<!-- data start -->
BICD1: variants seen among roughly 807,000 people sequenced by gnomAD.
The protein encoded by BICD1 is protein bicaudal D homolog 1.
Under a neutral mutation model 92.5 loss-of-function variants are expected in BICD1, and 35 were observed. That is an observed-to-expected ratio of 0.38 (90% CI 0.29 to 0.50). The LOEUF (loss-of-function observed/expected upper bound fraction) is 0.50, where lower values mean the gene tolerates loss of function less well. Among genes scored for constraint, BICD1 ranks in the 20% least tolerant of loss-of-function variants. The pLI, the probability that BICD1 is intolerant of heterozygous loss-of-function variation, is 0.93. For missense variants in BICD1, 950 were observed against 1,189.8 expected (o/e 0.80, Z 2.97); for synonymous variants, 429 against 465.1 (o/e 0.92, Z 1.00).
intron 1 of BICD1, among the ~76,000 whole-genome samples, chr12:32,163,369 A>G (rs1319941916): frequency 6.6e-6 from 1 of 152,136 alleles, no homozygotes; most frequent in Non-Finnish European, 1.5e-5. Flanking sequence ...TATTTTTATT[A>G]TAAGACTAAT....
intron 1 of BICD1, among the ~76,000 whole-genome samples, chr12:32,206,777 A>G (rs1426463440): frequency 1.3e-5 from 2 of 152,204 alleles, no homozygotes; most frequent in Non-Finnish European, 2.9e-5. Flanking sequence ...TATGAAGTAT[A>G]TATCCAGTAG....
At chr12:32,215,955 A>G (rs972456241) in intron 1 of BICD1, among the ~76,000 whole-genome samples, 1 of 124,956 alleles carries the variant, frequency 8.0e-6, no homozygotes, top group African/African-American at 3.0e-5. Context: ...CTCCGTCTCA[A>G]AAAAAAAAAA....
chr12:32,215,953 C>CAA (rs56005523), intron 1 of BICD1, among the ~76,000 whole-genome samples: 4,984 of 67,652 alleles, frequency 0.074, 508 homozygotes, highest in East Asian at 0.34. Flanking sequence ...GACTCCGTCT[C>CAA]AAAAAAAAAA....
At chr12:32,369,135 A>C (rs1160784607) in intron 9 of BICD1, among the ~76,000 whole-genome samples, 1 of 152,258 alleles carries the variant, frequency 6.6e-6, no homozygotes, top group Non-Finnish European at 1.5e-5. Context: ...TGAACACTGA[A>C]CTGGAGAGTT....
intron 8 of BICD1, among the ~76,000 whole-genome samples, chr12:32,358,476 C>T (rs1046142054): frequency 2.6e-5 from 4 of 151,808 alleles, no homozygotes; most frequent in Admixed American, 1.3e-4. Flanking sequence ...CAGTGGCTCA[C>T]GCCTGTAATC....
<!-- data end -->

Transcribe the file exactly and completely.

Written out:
BICD1: variants seen among roughly 807,000 people sequenced by gnomAD.
The protein encoded by BICD1 is protein bicaudal D homolog 1.
Under a neutral mutation model 92.5 loss-of-function variants are expected in BICD1, and 35 were observed. That is an observed-to-expected ratio of 0.38 (90% CI 0.29 to 0.50). The LOEUF (loss-of-function observed/expected upper bound fraction) is 0.50, where lower values mean the gene tolerates loss of function less well. Among genes scored for constraint, BICD1 ranks in the 20% least tolerant of loss-of-function variants. The pLI, the probability that BICD1 is intolerant of heterozygous loss-of-function variation, is 0.93. For missense variants in BICD1, 950 were observed against 1,189.8 expected (o/e 0.80, Z 2.97); for synonymous variants, 429 against 465.1 (o/e 0.92, Z 1.00).
intron 1 of BICD1, among the ~76,000 whole-genome samples, chr12:32,163,369 A>G (rs1319941916): frequency 6.6e-6 from 1 of 152,136 alleles, no homozygotes; most frequent in Non-Finnish European, 1.5e-5. Flanking sequence ...TATTTTTATT[A>G]TAAGACTAAT....
intron 1 of BICD1, among the ~76,000 whole-genome samples, chr12:32,206,777 A>G (rs1426463440): frequency 1.3e-5 from 2 of 152,204 alleles, no homozygotes; most frequent in Non-Finnish European, 2.9e-5. Flanking sequence ...TATGAAGTAT[A>G]TATCCAGTAG....
At chr12:32,215,955 A>G (rs972456241) in intron 1 of BICD1, among the ~76,000 whole-genome samples, 1 of 124,956 alleles carries the variant, frequency 8.0e-6, no homozygotes, top group African/African-American at 3.0e-5. Context: ...CTCCGTCTCA[A>G]AAAAAAAAAA....
chr12:32,215,953 C>CAA (rs56005523), intron 1 of BICD1, among the ~76,000 whole-genome samples: 4,984 of 67,652 alleles, frequency 0.074, 508 homozygotes, highest in East Asian at 0.34. Flanking sequence ...GACTCCGTCT[C>CAA]AAAAAAAAAA....
At chr12:32,369,135 A>C (rs1160784607) in intron 9 of BICD1, among the ~76,000 whole-genome samples, 1 of 152,258 alleles carries the variant, frequency 6.6e-6, no homozygotes, top group Non-Finnish European at 1.5e-5. Context: ...TGAACACTGA[A>C]CTGGAGAGTT....
intron 8 of BICD1, among the ~76,000 whole-genome samples, chr12:32,358,476 C>T (rs1046142054): frequency 2.6e-5 from 4 of 151,808 alleles, no homozygotes; most frequent in Admixed American, 1.3e-4. Flanking sequence ...CAGTGGCTCA[C>T]GCCTGTAATC....